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Stanford's Protege for OWL

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Posted by Amontillado
Jul 4, 2019 at 05:50 PM

 

I will need to present comparisons between some different software solutions. I’d like to produce something interactive, as in the way TheBrain exports to HTML.

TheBrain might be just what I need, but my long ago experiences with the old Java based Brain weren’t entirely positive. I’m sure it’s a far better product now.

In casting around, I found Standford’s Protégé OWL editor, and I’m intrigued. It’s probably too formal for my initial use, but I can see where it might make a nice planning tool for a complex project.

I have no experience with OWL, and my exposure to Protégé is no more than a quick glance.

It’s free, TheBrain isn’t, but that’s not the only factor in the equation.

Any thoughts about Protégé and OWL for writing and research?

Protégé can be found here - https://protege.stanford.edu

 


Posted by satis
Jul 4, 2019 at 06:45 PM

 

Biggest ding on this project is that it’s a Java Runtime app, meaning it’s going to be relatively slow, and has intrinsic security concerns (I removed Java from my Mac and only use it when occasionally necessary inside Chrome, which embeds the latest version and sandboxes it for web use).

What OS do you intend to use it with? It looks serviceable but somewhat clunky

https://protege.stanford.edu/assets/img/screenshots/desktopprotege-screenshot-4.jpg

 


Posted by Amontillado
Jul 5, 2019 at 03:34 AM

 

I do all my personal stuff on a Mac, with development mostly on Solaris and Linux. I keep my documentation on my Mac boxes at the moment, using Devonthink as an organizational and syncing tool.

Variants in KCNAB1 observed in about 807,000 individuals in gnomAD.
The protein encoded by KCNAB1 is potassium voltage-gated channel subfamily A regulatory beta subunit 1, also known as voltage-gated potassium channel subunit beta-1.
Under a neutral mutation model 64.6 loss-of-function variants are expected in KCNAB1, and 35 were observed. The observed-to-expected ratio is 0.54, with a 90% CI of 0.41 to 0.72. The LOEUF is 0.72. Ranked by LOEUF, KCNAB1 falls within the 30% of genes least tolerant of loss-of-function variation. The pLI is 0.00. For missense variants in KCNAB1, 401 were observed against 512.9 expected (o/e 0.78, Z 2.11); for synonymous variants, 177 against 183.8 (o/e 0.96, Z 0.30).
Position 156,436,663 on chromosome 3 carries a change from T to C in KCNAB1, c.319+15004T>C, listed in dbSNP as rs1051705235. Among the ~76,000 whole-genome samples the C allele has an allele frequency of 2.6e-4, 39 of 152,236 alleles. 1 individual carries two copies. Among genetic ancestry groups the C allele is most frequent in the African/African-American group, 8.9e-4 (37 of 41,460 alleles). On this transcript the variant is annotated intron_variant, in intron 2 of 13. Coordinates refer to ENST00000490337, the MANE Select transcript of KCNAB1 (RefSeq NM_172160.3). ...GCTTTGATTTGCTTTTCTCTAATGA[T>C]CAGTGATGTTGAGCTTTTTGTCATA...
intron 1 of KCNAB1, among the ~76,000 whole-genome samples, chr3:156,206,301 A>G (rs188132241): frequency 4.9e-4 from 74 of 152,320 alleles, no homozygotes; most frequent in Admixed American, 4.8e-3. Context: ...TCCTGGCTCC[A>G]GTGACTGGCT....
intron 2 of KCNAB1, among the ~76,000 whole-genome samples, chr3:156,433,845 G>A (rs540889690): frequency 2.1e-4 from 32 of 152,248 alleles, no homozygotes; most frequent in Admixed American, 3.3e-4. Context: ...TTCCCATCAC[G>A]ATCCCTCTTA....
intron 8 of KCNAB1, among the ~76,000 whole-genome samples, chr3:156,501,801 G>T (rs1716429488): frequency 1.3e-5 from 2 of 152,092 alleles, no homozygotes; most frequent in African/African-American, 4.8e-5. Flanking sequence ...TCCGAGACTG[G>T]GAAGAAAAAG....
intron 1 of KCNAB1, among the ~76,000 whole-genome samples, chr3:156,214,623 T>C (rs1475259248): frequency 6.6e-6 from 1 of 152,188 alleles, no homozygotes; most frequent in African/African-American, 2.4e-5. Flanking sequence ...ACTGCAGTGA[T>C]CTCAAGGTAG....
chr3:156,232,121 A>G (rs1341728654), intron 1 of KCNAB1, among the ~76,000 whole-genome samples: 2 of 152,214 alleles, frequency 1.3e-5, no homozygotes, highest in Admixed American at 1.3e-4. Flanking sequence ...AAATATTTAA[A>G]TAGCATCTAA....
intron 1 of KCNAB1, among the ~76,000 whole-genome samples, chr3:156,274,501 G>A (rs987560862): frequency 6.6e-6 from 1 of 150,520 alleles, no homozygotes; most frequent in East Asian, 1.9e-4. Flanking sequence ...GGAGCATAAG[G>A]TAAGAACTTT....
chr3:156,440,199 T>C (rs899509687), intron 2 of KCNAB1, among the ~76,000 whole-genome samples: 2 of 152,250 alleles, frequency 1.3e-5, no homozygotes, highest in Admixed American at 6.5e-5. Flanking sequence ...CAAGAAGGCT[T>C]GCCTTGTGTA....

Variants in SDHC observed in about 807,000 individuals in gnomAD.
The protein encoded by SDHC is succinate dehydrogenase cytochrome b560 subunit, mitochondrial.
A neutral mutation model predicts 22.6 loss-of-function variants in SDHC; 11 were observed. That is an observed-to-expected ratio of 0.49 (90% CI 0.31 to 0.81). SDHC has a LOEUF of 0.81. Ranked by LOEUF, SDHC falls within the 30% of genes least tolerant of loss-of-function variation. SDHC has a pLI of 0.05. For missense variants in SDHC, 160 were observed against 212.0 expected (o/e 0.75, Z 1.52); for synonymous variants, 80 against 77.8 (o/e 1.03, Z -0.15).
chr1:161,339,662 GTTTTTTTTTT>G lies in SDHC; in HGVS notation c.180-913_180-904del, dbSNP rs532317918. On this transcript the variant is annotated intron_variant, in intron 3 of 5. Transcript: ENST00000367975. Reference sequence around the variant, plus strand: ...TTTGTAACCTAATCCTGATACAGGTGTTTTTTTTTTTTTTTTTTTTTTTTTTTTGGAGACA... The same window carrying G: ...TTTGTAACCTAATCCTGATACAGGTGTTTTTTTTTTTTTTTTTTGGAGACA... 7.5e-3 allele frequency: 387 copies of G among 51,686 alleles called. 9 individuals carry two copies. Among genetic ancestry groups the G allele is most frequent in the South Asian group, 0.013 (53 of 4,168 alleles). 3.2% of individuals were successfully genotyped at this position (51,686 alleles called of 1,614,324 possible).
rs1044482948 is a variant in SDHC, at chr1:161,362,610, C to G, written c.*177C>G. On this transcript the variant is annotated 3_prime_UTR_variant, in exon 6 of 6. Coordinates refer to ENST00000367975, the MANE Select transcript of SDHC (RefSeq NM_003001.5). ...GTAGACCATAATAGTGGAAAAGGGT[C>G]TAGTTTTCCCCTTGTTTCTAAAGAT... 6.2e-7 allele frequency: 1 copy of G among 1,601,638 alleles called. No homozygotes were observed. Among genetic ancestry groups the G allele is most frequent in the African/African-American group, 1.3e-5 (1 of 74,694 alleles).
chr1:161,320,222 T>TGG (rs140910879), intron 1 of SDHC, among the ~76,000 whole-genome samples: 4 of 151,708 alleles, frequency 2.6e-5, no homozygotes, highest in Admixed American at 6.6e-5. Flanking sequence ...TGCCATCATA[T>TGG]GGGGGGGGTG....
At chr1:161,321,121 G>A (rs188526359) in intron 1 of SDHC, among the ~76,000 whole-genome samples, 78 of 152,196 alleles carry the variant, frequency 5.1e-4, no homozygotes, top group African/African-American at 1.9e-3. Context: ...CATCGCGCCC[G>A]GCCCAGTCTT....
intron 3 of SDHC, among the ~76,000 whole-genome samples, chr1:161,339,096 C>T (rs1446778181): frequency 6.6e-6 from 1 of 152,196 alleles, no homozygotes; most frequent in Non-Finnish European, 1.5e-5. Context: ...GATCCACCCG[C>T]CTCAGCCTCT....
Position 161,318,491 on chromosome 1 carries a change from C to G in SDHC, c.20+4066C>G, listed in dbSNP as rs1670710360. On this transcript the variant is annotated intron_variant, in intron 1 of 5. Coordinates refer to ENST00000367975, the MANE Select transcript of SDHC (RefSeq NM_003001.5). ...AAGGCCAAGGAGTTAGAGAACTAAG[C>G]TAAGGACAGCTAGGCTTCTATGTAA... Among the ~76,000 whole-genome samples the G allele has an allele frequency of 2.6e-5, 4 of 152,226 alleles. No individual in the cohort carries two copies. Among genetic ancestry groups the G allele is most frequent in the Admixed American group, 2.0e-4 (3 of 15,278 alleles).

Everybody in the department uses Onenote, so that may be my best way to produce an interactive, reader-driven report.

 


Posted by Alexander Deliyannis
Jul 5, 2019 at 03:48 AM

 

Quite a few of the information managers discussed here can export interactive HTML versions of their content, including expand/collapse, links, etc. From the cross-platform solutions I am aware of, Mindjet Mindmanager might be the most sophisticated, but it doesn’t come cheap.

Aside the price, an additional advantage of Onenote might be annotating by peers, assuming this is something useful.

Amontillado wrote:
>Everybody in the department uses Onenote, so that may be my best way to
>produce an interactive, reader-driven report.

 


Posted by Bernhard
Jul 5, 2019 at 05:48 AM

 

satis wrote:
Biggest ding on this project is that it’s a Java Runtime app, meaning
>it’s going to be relatively slow, and has intrinsic security concerns (I
>removed Java from my Mac and only use it when occasionally necessary
>inside Chrome, which embeds the latest version and sandboxes it for web
>use).
>

To mee, this sounds like story from the past. Modern JVM’s speed is often close enough to native code (
eg. https://en.wikipedia.org/wiki/Criticism_of_Java#Performance).

The security concerns date back to the time when Java applets were used in web applications and one would (unintentionally) execute foreign insecure code. With desktop apps this is not the case.

They are as safe/unsafe as code from any source.

 


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